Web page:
“The exercise of this Court’s discretion under Rule 4 has followed a well-beaten path since the stricture of “sufficient reason” was removed by amendment in 1985. As it is unfettered, there is no limit to the number of factors the court would consider so long as they are relevant. The period of delay, the reason for the delay, (possible) the chances of the appeal succeeding if the application is granted, the degree of prejudice to the respondent if the application is granted, the effect of delay on public administration, the importance of compliance with time limits, the resources of the parties, whether the matter raises issues of public importance-are all relevant but not exhaustive factor.”

[8] The principles set out by this Court upon which the judicial discretion under rule 4 may be exercised are as stated in the case of Mwangi v. Kenya Airways Ltd (2003) KRL 486:

“Over the years, the Court has set out guidelines on what a single Judge should consider when dealing with an application for extension of time under rule 4 of the Rules. For instance in Leo Sila Mutiso v. Rose Hellen Wangari Mwangi (Civil Application No. Nai 255 of 1977) (unreported), the Court expressed itself thus:

“It is now well settled that the decision whether or not to extend the time for appealing is essentially discretionary. It is also well settled that in general the matters which this Court takes into account in deciding whether to grant an extension of time are: first the length of the delay, secondly, the reason for the delay; thirdly (possibly) the chances of the appeal succeeding if the application is granted; and, fourthly, the degree of prejudice to the respondent if the application is granted.”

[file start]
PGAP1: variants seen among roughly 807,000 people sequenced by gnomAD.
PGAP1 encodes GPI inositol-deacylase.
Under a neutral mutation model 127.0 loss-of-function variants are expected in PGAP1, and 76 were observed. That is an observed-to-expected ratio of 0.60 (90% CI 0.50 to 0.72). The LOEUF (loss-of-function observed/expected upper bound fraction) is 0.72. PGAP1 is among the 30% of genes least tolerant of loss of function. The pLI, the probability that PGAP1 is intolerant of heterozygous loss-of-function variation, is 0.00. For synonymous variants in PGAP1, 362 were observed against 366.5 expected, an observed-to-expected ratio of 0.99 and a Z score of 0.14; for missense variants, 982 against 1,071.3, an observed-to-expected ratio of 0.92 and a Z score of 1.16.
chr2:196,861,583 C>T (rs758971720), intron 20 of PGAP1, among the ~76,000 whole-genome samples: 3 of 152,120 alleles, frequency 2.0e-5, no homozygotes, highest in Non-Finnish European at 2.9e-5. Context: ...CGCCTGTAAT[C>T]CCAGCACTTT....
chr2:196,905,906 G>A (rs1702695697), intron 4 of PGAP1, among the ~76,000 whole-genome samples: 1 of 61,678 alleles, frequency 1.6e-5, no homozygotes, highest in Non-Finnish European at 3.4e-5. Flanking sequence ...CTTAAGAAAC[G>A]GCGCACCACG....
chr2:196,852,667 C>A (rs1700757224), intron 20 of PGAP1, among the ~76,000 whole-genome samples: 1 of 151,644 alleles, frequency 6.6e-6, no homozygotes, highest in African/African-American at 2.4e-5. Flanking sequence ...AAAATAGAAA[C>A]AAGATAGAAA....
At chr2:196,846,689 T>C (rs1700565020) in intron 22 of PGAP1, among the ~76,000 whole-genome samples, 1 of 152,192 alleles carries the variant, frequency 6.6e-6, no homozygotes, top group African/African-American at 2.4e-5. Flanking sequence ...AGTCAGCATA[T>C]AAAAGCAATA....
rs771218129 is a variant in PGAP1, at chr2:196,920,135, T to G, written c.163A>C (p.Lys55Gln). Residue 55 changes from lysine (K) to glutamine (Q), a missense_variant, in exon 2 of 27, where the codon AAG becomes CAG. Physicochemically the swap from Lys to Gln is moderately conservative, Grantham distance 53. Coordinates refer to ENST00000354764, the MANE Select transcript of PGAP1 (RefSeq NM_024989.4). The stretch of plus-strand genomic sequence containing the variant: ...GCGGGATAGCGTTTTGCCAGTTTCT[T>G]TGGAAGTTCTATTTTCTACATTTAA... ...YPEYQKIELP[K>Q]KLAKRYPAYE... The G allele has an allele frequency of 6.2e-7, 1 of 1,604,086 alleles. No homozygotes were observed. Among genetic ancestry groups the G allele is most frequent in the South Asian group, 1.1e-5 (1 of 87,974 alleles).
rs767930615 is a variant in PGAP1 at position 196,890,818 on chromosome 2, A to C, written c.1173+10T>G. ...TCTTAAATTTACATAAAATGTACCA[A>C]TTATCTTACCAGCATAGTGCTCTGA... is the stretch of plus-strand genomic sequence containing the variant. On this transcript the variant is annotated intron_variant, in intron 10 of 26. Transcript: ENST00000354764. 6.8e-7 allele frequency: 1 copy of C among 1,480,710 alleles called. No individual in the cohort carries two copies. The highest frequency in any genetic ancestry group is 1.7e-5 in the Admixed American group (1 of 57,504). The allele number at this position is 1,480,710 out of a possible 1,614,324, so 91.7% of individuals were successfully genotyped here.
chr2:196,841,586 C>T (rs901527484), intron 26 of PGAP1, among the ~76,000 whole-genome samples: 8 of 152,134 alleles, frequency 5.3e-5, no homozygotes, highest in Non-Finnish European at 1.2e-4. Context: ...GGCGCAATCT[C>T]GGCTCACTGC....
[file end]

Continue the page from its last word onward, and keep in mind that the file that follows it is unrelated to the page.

[9] I am guided by the case of Wasike v. Swala [1984] KLR 591 where this Court stated:

“As Rule 4 now provides that the Court may extend the time on such terms as it thinks just, an applicant must now show, in descending scale of importance, the following factors:-

“a) That there is merit in his appeal.

b) That the extension of time to institute and/or file the appeal will not cause undue prejudice to the respondent; and

c) That the delay has not been inordinate.”

[10] The law does not set out any minimum or maximum period of delay. All it states is that any delay should be satisfactorily explained. A plausible and satisfactory explanation for delay is the key that unlocks the court’s flow of discretionary favour. There has to be valid and clear reasons, upon which discretion can be favourably exercisable.

[11] The applicant contends that she has an arguable appeal. I have perused the Draft Memorandum of appeal and find that the appeal is arguable as it raises issues for determination, inter alia, whether the suit property was fraudulently transferred to the respondent’s name. An arguable appeal does not necessarily mean one which will succeed. I also find that counsel for the respondent did not file a replying affidavit in response to the instant application and that the respondent will not suffer substantial prejudice if the application herein is allowed.

[12] In the circumstances of this application, the upshot is that I find merit in this application, and allow it. I make the following orders:

1) That the applicant shall file and serve a Notice of Appeal within 14 days from the date hereof;

2) That the applicant shall file and serve the Record of Appeal within 60 days from the date hereof;

3) Failure to comply with the time lines stipulated herein above, the Notice of Motion dated 14th June, 2018 shall stand dismissed with costs;

4) Costs of this application to abide by the outcome of the intended appeal.

DATED and delivered at Eldoret this 4th day of October, 2018.


J. MOHAMMED

JUDGE OF APPEAL

I certify that this is  a true copy of the original.

DEPUTY REGISTRAR.